Eden Archer, Australia’s answer to Dexter Morgan, and her damaged partner Frank Bennett are back at work in Fall, investigating a series of murders of women joggers. Underlying this investigation is another one by Frank’s lover (and former psychologist) Imogen, who solves cold cases in her spare time and is closing in on Eden’s true identity. There is plenty else going on in Fall, with Eden’s ex-crimelord father Hades having a cameo and a potential new recurring character added to the mix.
In some ways, Fall feels like the novel that Fox might have written as the follow up to her debut Hades. It features another serial killer, and in some respects follows the pattern of other procedurals of its type. But the continuing impact of events in her follow-up, Eden, the investigation into Eden’s past and Fox’s style lift Fall out of the usual serial killer chase genre.
With every novel, Fox is more in control of her craft. While her mix of first and third person narration in Hades sometimes felt forced, by this third outing the constant shifts of point of view happen effortlessly and serve to ratchet up the narrative tension. Particularly amusing and effective are the differences between Frank’s first-person view of the women around him and their perception of him.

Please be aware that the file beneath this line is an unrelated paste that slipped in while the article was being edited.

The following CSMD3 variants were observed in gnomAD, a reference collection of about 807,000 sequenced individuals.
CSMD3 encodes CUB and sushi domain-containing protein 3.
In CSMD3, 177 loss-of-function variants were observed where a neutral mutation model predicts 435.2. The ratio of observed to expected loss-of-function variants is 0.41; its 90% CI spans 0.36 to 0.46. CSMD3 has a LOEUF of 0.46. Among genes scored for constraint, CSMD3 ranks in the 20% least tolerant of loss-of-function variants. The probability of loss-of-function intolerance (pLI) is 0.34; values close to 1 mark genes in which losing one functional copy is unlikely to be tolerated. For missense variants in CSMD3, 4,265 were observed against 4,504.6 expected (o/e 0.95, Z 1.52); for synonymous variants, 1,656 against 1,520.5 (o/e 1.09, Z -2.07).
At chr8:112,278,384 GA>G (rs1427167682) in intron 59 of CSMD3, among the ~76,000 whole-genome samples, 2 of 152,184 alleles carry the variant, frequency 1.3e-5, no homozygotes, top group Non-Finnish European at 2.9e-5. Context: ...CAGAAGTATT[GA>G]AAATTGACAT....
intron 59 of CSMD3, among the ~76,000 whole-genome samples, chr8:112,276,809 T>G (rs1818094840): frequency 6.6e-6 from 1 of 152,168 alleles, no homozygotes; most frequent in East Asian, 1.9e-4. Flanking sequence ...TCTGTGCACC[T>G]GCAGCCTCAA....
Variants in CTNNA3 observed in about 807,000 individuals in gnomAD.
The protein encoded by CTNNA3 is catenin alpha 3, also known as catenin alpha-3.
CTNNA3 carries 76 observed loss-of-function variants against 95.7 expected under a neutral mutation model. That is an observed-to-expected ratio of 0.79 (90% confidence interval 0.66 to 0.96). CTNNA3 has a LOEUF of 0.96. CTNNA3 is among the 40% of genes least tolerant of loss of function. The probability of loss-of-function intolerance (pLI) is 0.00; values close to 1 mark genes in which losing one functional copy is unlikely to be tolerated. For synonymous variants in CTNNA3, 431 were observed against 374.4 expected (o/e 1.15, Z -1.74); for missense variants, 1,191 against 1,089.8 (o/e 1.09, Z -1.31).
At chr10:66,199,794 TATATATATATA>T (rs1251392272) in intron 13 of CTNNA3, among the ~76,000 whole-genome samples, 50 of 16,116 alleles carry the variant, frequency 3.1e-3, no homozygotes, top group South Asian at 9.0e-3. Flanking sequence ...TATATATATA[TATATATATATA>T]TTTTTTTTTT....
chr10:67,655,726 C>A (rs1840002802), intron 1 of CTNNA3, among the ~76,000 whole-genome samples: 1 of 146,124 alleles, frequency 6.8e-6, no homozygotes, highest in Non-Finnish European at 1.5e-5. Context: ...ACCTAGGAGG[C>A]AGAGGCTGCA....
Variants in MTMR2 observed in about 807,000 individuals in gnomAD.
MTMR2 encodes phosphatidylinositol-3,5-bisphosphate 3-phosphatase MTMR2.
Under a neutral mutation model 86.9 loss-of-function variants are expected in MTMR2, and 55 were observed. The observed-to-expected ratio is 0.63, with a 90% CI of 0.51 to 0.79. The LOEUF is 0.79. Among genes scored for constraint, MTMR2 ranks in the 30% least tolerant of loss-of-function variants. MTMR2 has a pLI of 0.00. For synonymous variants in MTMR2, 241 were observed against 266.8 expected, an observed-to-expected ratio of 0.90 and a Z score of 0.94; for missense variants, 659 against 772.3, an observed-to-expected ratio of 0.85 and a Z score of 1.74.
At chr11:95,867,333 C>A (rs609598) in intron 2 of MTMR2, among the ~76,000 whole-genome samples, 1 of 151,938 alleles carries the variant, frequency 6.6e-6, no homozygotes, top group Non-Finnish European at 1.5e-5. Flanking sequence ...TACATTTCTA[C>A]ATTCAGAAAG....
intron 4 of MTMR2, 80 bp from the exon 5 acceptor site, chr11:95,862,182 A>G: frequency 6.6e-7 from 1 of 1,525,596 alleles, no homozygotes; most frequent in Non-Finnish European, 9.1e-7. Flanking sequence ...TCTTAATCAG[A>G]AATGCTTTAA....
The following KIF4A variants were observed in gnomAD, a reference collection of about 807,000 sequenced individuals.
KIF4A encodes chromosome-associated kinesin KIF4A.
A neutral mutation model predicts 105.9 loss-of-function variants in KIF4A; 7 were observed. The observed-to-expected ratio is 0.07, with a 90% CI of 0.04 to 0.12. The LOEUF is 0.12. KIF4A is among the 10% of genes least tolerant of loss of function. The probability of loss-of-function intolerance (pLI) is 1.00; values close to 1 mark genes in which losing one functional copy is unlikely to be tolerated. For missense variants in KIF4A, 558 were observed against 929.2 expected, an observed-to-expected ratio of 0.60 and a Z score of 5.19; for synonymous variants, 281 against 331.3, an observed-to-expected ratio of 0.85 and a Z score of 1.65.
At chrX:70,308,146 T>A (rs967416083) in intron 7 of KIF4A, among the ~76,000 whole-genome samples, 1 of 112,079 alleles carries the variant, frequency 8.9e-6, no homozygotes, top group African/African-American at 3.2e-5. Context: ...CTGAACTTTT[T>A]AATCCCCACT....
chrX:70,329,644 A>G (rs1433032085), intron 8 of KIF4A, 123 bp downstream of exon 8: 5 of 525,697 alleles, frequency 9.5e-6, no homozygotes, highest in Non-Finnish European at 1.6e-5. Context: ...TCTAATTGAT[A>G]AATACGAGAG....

Plenty of books of this type have two dimensional antagonists. But here the killer is given a rich, disturbing history and some twisted justification for her actions. This is serial killer point of view done well. But the killer is just one of the many damaged characters who anchor the plot. Every character has secrets, and each of the main characters is damaged. Fox explores the ways in which each character handles their pain.
Fox has improved with every book in this series and Archer and Bennett are two of the most complex, interesting characters in Australian crime fiction at the moment. And while it will be interesting to read the novel that she is co-writing with James Patterson, it will be interesting to see where she takes Archer and Bennett next.